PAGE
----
Health and Medical News and Resources

General interest items edited by Janice Flahiff

Views on health disparities fueled largely by political ideology

Harry Perlstadt, a Michigan State University sociologist, contends party ideology is more important than party affiliation when it comes to public perception of health disparities.

 

From a November 9 Michigan State University press release

EAST LANSING, Mich. — When it comes to public perception about health disparities in the United States, political ideology plays a surprisingly large role – more so even than party affiliation, according to new research by a Michigan State University sociologist.

“As far as our beliefs about unequal access to health care, whether we are conservative or liberal seems to be much more important than whether we are Republican or Democrat,” said Harry Perlstadt, professor of sociology.

Perlstadt’s study is the first to scientifically examine political and ideological beliefs on the issue of health disparities. He will present his findings today at the American Public Health Association’s 138th annual meeting in Denver….

…….He commissioned a telephone survey with MSU’s Institute for Public Policy and Social Research that gathered information on the respondents and asked a series of questions regarding their beliefs about health disparities. The questions included, “How often do you think the health care system treats people unfairly based on whether they have health insurance?” and “How often does a person’s race or ethnic background affect whether they can get routine medical care when they need it?”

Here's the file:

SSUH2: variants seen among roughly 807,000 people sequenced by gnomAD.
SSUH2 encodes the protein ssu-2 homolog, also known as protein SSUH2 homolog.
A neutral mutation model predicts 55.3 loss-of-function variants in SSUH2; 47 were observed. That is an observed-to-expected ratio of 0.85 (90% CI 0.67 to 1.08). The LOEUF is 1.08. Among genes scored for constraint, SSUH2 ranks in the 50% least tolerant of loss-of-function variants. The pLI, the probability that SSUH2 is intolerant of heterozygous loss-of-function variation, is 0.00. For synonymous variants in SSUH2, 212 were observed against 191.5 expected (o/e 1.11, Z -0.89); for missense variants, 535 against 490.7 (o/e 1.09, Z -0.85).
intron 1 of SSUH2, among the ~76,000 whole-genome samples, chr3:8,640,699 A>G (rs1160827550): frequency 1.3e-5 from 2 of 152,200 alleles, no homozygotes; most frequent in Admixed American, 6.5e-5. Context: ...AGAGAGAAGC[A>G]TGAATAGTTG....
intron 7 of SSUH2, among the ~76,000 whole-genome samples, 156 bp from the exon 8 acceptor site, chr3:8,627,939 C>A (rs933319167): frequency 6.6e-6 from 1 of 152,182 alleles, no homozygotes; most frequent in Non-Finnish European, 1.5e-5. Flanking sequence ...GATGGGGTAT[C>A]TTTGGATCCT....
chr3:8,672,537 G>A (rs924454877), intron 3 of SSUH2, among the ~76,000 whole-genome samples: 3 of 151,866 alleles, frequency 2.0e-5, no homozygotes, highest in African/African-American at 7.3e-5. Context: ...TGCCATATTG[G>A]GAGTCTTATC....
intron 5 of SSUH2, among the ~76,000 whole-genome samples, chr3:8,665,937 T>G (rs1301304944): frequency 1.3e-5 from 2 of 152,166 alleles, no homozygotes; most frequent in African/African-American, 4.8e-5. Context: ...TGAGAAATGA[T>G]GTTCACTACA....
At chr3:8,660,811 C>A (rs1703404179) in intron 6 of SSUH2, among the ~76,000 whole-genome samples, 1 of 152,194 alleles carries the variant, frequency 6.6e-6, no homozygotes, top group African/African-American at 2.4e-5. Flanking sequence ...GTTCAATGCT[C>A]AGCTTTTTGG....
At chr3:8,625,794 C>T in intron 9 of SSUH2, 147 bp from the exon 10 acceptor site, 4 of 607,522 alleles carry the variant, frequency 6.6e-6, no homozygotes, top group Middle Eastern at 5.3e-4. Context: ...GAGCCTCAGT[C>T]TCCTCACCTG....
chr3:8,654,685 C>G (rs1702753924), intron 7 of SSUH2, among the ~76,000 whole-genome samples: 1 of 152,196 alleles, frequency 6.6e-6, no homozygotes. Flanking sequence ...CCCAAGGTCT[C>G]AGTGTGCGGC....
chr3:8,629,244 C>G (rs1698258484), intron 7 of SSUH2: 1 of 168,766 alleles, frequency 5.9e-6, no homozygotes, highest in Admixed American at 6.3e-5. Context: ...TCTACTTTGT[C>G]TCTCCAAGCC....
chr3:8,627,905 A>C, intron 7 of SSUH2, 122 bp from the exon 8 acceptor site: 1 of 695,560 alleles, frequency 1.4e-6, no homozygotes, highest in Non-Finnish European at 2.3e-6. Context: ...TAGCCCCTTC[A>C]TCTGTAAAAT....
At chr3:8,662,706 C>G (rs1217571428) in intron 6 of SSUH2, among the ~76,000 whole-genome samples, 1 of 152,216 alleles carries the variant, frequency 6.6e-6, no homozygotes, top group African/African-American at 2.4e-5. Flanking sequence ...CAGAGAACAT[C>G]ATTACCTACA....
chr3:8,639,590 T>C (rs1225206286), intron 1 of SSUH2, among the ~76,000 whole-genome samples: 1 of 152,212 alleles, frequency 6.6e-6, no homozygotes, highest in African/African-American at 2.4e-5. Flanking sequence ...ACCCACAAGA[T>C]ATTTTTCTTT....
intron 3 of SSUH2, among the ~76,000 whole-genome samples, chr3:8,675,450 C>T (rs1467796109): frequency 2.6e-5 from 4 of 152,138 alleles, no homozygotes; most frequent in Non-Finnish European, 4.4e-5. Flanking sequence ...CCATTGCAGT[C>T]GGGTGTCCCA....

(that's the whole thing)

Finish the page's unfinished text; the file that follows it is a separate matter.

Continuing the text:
Perlstadt analyzed the survey data and found that race, age, sex, income and whether a respondent lived in an urban or rural community all influenced their beliefs on health disparities. Political party and ideology also affected their beliefs – only not quite as Perlstadt had predicted.

November 9, 2010 - Posted by | Health News Items | , , , ,

No comments yet.

Leave a Reply

Fill in your details below or click an icon to log in:

WordPress.com Logo

You are commenting using your WordPress.com account. Log Out /  Change )

Google photo

You are commenting using your Google account. Log Out /  Change )

Twitter picture

You are commenting using your Twitter account. Log Out /  Change )

Facebook photo

You are commenting using your Facebook account. Log Out /  Change )

Connecting to %s

%d bloggers like this: